Understanding the the Romantic Imagination with Ramond, Wordsworth and Shelley

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Understanding the the Romantic Imagination with Ramond, Wordsworth and Shelley
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"The way to find the 'real' world is not merely to measure and observe what is outside us, but to discover our own inner ground…. This 'ground', this 'world' where I am mysteriously present at once to myself and to the freedoms of other men, is not a visible, objective and determined structure…It is a living and self creating mystery of which I am myself a part, to which I am myself my own unique door."
(Thomas Merton in Finley 45)

We have spent a good deal of this semester concentrating on the sublime. We have asked what (in nature) is sublime, how is the sublime described and how do different writers interpret the
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M. Ramond's Observations on the Glaciers recounts his experiences while traveling in the Alps. His descriptions are characteristically sublime; in awe of his surroundings, Ramond is "threatened" yet astonished, "transformed" and "regenerated" yet aware of his insignificance (301 & 348-49). Ascending the mountains offers " the greatest force given to his imagination…that kind of enthusiasm which kindles great ideas" (349). Whereas his first experiences are paired dichotomies, the kindling of his imagination does not have an opposite but rather its own creations (ideas). Chronology is either indescribable or of no importance as it is difficult to understand what happens when during Ramond's sublime experience. Taking flight, his soul is able to "co exist with all beings" and transcend time and space (351). Imagination succeeds when reason cannot, offering a glimpse of eternity (351). All "elevated and noble sentiments" have their beginnings in the imagination (352). As a creator, it is fitting that the imagination is female (351). Ramond acknowledges that his experience is constructed of "illusions" but "…what would be great in our conceptions, or glorious in our actions", Ramond asks, if imaginative power did not exist? (352).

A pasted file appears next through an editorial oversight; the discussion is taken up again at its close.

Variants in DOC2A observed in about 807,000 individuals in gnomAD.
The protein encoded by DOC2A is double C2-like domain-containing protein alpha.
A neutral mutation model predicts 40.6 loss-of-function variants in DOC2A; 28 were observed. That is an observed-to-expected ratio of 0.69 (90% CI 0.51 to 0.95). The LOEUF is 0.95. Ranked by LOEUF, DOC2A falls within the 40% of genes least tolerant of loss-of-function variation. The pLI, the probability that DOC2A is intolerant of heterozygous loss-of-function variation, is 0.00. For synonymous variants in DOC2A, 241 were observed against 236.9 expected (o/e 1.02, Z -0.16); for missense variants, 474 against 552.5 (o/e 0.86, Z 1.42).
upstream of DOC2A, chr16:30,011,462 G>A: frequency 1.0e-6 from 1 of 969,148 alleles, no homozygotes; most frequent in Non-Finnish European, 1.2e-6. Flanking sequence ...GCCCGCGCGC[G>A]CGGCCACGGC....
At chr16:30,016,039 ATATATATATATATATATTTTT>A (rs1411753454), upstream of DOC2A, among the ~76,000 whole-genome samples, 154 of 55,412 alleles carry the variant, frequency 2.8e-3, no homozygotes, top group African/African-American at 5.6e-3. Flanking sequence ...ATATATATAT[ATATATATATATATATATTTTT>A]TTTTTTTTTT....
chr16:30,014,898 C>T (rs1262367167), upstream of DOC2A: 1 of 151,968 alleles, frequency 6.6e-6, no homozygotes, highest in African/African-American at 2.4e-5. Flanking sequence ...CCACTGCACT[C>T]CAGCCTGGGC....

Inspired by his imaginative experience, Ramond articulates his final question as his

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